Question: I’m a Minnesota alum, and follow the team through your and Marcus Fuller’s reporting. Other than the two of you, who’s agitating for Mbakwe to start? Both of you have alluded to some chatter about starting him, and both of you appear to agree that he should be starting. Reason I’m asking is because so far you’ve both left it unsubstantiated, so far as I can tell. Is Trevor asking to start? His teammates? Tubby’s assistants? Please don’t use my full name if you publish.


Well, PF, it’s been left unsubstantiated because it’s unsubstantiated – it’s our job to analyze different aspects of the team, but we aren’t any more privy to Smith’s unspoken, future decisions than anyone else is. We know what he and the team tells us. Mbakwe is definitely not asking to start – ASKING a coach to start would be a sure-fire way to play off the bench for the rest of the year. And his teammates? The assistants? No … look, in college basketball, the head coach holds all the cards. Smith’s assistants really are not going to question the moves of their 500-win head coach. That would be like me telling my sports editor at the Star Tribune that I think his staff isn’t aligned correctly and such-and-such reporter should really be covering a different sport or should be a columnist instead. They’re not stupid. There is a chain of command. Smith makes the lineup choices. He’s not dumb either. You and I might not agree with everything he does, but don’t think that the only reason he hasn’t started Mbakwe yet is because there’s not enough people advocating for him. If he wants Mbakwe to start, he’ll start him. It really is that simple.

There are some great high school players in Minnesota getting recruited nationally. Have you heard anything about any of these players leaning towards the gophers and have you watched any of them play and what do you think of the talent. Are the gophers interested in the big kid from up north? Can't think of his name or where he plays but he is a center. Grand Rapids I think? Keep up the great work!

Paul Spark

Yes, the Gophers are very aware of the talent in their backyard right now, and I have written a good bit about this. There are six recruits over the next two recruiting years in the area, and getting half of those could effectively change the program. Here’s what we’ve got:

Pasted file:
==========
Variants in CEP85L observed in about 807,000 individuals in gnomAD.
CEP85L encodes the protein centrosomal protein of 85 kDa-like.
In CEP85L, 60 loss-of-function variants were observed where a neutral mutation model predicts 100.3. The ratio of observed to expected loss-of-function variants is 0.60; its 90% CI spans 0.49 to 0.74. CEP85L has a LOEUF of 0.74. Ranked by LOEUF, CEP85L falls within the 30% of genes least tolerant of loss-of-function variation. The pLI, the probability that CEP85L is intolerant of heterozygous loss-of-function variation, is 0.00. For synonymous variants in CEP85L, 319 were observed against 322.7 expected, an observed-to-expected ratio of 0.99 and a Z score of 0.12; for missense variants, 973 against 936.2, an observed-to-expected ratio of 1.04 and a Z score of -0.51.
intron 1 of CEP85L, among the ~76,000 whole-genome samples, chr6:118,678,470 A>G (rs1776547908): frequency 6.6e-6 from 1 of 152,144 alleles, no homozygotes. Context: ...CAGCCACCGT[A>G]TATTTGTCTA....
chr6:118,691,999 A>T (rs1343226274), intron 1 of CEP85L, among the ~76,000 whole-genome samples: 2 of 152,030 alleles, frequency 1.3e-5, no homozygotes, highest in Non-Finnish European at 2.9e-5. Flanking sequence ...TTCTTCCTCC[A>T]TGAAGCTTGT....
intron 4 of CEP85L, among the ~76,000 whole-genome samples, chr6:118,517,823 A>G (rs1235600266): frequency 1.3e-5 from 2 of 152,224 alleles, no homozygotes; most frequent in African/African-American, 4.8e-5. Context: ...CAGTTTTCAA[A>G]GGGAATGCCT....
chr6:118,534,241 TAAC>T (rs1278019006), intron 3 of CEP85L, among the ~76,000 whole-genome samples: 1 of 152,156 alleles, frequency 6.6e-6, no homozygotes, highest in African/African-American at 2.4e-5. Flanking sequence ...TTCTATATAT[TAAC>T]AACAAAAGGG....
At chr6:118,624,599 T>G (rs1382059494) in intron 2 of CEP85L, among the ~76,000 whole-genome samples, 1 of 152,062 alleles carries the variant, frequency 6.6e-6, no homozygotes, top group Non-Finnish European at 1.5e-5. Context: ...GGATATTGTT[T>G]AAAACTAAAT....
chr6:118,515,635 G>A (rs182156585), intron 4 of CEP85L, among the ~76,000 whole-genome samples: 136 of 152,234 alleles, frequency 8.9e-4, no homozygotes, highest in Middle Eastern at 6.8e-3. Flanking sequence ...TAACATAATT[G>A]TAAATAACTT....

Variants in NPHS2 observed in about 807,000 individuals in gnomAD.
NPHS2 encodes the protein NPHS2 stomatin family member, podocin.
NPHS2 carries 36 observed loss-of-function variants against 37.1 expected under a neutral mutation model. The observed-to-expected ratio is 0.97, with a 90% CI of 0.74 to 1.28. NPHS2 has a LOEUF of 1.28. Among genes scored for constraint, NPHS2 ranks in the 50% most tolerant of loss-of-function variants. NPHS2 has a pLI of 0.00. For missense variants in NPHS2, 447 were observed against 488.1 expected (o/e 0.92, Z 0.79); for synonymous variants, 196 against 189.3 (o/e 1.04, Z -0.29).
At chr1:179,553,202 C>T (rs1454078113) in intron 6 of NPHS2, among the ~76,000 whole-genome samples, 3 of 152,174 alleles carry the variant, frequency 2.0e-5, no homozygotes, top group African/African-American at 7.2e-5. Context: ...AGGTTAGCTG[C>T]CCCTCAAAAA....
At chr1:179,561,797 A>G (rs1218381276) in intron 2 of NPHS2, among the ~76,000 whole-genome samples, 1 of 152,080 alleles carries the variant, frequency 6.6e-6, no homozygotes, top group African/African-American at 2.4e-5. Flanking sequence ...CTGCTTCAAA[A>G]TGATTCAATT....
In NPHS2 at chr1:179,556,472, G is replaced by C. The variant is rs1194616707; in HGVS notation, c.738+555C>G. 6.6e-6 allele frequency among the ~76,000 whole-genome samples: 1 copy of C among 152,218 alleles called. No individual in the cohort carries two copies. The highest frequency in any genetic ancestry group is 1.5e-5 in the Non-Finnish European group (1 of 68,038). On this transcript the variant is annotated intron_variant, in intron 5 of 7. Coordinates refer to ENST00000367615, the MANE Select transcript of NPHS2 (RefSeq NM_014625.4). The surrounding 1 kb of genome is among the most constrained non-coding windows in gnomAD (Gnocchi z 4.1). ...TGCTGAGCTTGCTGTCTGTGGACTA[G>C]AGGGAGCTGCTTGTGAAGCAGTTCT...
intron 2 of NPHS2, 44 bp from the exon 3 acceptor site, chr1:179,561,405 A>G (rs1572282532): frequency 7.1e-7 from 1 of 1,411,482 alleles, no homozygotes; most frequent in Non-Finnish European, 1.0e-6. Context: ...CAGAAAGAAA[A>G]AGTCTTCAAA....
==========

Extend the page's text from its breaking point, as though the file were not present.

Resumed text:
Tyus Jones (2014, Apple Valley): The No. 1 recruit in the nation for his year, according to Jones recently edited down his list of schools he’s interested in to eight colleges, including Minnesota. The list, however, also includes North Carolina, Duke, Kentucky, Kansas, Michigan State, Ohio State and Baylor. Does that like tough competition? Well that’s because it is. VERY tough.
Rashad Vaughn (2014, Robbinsdale Cooper): Also being recruited by a lot of elite schools, but has a solid relationship with the Gophers, particularly assistant Vince Taylor. Vaughn is ranked at No. 10 for his year on
Reid Travis (2014, DeLaSalle): No. 29 Travis is probably the best chance the Gophers have at landing one of the spectacular 3 for 2014, but the forward still hasn’t decided whether he’s going to continue to pursue hoops or football – he’s getting recruited in both sports.
Alex Illikainen (2015, Grand Rapids): This is “the big kid from up north.” And interest in Illikainen is only heating up. He has offers from a number of schools already and Kansas has shown a lot of interest in the center.
Henry Ellenson (2015, Rice Lake, Wis.): This is Gophers freshman Wally Ellenson’s youngest brother. The kid has talent and will be highly sought after – he already has offers from Marquette, Iowa State and Georgetown in addition to the Gophers.
Jarvis Johnson (2015, DeLaSalle): Johnson is a teammate of Travis. He’s already unofficially visited Minnesota and if the Gophers miss on Jones, you know they’d love for Johnson to be their point guard of the future with Hollins graduating by 2015 (unless he leaves before then).

The Gophers are absolutely interested in and going after all these guys. If they can get one from the 2014 class and two from the 2015 class, they will have quite the nucleus on their hands.


Is it true that porcupines eat all the remains (bones included) of Sasquatches...thus, no evidence...??


Casey, you know your stuff!! Yes, that has been talked about – porcupines eating the remains of Sasquatches. Porcupines are herbivores but are believed to also gnaw on bones. The notion, however, that these creatures do enough gnawing to eat up even a single Bigfoot’s worth of bones is kind of ridiculous (even for me, a girl that adamantly believes in Bigfoot!) So in general, I think the lack of sasquatch bones found can be attributed to two things (neither being porcupines):

1 – In general, animal bones aren’t necessarily easy to find in the wild. You have to do a lot of hiking to ever come across deer bones and there are many, many more deer than squatches. Still, there are people who search for Bigfoot for a living now. Which is why I have reason No. 2.

2 – Many great apes, including chimpanzees, have incredibly emotional responses to close relatives dying. (You could easily get lost in YouTube for an afternoon looking into this phenomenon.) They react by screeching, “crying,” starving themselves even. There’s no evidence that any great apes actually bury their dead, but with squatches being the closest thing to us, well, I might start that theory right now. What do you guys think? ;-)

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More aMAILia Bag: Recruiting, guard play, Wally Ellenson and monsters